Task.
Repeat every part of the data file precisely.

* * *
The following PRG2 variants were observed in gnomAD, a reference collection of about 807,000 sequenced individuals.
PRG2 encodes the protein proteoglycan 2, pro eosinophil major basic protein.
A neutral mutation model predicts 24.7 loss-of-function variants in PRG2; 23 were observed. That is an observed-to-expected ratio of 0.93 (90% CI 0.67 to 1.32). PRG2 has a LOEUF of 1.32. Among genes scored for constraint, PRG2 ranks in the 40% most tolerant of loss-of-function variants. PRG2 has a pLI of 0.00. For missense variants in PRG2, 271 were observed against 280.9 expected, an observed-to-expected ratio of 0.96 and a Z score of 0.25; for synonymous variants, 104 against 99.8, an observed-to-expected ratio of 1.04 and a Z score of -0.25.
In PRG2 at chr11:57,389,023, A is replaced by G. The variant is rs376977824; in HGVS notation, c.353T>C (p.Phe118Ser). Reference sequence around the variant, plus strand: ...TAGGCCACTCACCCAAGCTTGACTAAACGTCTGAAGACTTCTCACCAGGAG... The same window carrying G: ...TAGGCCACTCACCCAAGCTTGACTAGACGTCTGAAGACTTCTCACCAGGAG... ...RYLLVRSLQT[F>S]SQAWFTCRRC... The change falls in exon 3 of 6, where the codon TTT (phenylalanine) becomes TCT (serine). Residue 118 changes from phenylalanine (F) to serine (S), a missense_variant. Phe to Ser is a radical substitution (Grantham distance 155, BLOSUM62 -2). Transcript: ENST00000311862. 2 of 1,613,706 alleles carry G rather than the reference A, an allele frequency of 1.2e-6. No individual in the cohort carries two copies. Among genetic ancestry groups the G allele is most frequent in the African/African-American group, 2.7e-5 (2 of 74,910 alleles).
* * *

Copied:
The following PRG2 variants were observed in gnomAD, a reference collection of about 807,000 sequenced individuals.
PRG2 encodes the protein proteoglycan 2, pro eosinophil major basic protein.
A neutral mutation model predicts 24.7 loss-of-function variants in PRG2; 23 were observed. That is an observed-to-expected ratio of 0.93 (90% CI 0.67 to 1.32). PRG2 has a LOEUF of 1.32. Among genes scored for constraint, PRG2 ranks in the 40% most tolerant of loss-of-function variants. PRG2 has a pLI of 0.00. For missense variants in PRG2, 271 were observed against 280.9 expected, an observed-to-expected ratio of 0.96 and a Z score of 0.25; for synonymous variants, 104 against 99.8, an observed-to-expected ratio of 1.04 and a Z score of -0.25.
In PRG2 at chr11:57,389,023, A is replaced by G. The variant is rs376977824; in HGVS notation, c.353T>C (p.Phe118Ser). Reference sequence around the variant, plus strand: ...TAGGCCACTCACCCAAGCTTGACTAAACGTCTGAAGACTTCTCACCAGGAG... The same window carrying G: ...TAGGCCACTCACCCAAGCTTGACTAGACGTCTGAAGACTTCTCACCAGGAG... ...RYLLVRSLQT[F>S]SQAWFTCRRC... The change falls in exon 3 of 6, where the codon TTT (phenylalanine) becomes TCT (serine). Residue 118 changes from phenylalanine (F) to serine (S), a missense_variant. Phe to Ser is a radical substitution (Grantham distance 155, BLOSUM62 -2). Transcript: ENST00000311862. 2 of 1,613,706 alleles carry G rather than the reference A, an allele frequency of 1.2e-6. No individual in the cohort carries two copies. Among genetic ancestry groups the G allele is most frequent in the African/African-American group, 2.7e-5 (2 of 74,910 alleles).